TEQUESTA, Fla. — Stephen and Elana Smith are newlyweds with a new business, hoping to inspire new habits in others through their "zero waste" store.
"It’s impossible to go to a grocery store and leave without plastic, pretty much. Maybe leave with like an apple," Elana said. "We just wanted to create a space where it’s really easy to shop zero waste and more accessible to everybody.”
The Smiths opened One World Zero Waste off South Cypress Drive in Tequesta in early December.
"Zero waste is just refusing single-use plastic," Elana said.
They were inspired to reduce single-use plastics and other trash in their own lives, while also enabling others to do the same after volunteering for their honeymoon in India last summer.
"In India, there’s no municipal waste, so it just sits and accumulates and it’s burned," Elana said.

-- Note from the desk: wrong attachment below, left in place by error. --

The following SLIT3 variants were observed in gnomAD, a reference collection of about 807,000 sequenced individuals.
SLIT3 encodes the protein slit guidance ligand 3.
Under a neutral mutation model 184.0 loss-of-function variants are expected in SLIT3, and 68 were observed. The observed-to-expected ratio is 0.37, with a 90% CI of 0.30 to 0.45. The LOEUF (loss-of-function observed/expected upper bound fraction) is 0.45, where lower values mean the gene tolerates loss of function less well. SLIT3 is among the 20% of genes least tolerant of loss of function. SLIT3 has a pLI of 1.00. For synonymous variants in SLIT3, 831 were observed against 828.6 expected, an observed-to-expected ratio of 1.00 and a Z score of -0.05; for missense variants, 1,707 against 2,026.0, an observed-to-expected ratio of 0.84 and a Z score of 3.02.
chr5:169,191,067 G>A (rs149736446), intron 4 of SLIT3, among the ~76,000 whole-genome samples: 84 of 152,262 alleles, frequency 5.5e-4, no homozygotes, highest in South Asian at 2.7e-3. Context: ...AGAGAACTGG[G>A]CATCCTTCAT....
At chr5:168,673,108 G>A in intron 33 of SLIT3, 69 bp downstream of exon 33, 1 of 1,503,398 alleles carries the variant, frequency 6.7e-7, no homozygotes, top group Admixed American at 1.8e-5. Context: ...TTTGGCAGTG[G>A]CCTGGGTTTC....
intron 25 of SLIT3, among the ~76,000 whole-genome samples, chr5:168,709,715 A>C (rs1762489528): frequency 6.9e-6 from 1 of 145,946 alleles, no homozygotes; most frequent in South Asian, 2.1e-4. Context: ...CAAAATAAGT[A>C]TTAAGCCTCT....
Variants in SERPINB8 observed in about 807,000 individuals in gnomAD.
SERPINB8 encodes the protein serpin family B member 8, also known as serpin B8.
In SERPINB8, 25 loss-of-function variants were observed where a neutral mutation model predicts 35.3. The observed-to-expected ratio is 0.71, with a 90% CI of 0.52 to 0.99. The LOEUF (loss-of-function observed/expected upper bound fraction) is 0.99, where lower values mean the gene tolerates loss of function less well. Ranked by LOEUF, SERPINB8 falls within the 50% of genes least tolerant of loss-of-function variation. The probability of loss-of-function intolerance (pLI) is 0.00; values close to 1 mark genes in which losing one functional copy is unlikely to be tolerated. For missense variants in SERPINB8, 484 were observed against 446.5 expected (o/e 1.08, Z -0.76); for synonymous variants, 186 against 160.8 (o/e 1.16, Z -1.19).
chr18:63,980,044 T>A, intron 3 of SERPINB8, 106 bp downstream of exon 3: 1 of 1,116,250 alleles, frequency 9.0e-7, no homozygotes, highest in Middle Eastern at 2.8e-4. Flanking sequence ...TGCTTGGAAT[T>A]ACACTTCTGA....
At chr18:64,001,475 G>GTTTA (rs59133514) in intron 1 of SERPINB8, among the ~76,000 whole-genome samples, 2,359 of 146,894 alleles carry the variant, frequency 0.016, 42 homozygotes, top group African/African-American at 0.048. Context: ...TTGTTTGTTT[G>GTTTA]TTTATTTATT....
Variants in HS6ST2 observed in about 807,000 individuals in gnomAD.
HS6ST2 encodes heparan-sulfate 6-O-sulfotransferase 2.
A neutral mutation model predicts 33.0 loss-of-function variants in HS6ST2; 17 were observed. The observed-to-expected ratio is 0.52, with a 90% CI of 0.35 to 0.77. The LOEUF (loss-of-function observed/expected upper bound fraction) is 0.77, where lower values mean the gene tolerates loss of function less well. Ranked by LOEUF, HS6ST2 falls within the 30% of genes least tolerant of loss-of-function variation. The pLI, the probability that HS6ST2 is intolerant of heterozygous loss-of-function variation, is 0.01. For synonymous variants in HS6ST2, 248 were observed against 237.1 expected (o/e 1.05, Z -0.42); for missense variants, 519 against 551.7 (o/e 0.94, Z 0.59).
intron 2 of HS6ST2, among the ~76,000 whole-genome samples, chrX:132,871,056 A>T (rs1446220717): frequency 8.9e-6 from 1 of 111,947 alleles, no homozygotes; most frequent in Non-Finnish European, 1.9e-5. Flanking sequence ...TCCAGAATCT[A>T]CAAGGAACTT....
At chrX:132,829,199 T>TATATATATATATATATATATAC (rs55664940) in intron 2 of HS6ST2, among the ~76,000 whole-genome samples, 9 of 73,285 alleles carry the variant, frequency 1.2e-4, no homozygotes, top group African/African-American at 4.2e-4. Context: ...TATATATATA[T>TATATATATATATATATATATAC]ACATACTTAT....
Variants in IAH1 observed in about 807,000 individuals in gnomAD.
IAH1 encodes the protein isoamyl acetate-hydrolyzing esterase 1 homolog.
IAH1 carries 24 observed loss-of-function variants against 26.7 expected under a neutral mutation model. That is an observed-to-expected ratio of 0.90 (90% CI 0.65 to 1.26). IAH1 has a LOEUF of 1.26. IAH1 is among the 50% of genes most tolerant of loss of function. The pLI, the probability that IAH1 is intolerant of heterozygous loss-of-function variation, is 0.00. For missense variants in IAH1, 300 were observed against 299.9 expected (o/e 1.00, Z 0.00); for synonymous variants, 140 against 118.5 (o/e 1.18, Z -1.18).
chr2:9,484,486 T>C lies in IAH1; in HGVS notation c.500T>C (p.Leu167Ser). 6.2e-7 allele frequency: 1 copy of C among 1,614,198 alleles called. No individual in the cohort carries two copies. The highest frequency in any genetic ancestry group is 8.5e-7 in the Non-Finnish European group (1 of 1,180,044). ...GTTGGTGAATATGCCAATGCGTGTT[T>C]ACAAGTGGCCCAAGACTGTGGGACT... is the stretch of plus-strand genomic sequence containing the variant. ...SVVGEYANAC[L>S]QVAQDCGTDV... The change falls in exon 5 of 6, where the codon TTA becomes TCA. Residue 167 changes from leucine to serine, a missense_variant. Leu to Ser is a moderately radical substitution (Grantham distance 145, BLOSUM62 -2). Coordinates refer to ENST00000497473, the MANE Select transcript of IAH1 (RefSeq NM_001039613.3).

"It was definitely a big eye opener," Stephen said. "Before then, we were conscious of what we were doing. We tried to live healthy lifestyles and we tried to do as much as we could do in order to limit the waste, but we bought paper towels. We would buy plastic water bottles in the store sometimes, thinking that it was just enough to recycle, but then after we came back from that and learned more about actual recycling we found out that that wasn’t really the case."
One World Zero Waste now offers shoppers the chance to use their own containers to stock up on bulk foods, such as flour, rice, spices, beans, nuts and snacks. They also offer nut milks and other food items.
You'll also find reusable alternatives to single-use plastic and paper goods, like fabric paper towels and cotton rounds as well as travel utensil packs, which Elana sews herself in the store.
They also offer free composting because the goal of the zero waste movement is to only use products that can return to the earth and become soil.
The couple hopes environmentally-friendly shopping becomes more popular for the sake of the planet.
"It is super important that it spreads and we are going to definitely work hard to make sure that that happens," Stephen said.
JAR in Stuart
offers similar zero waste food and services.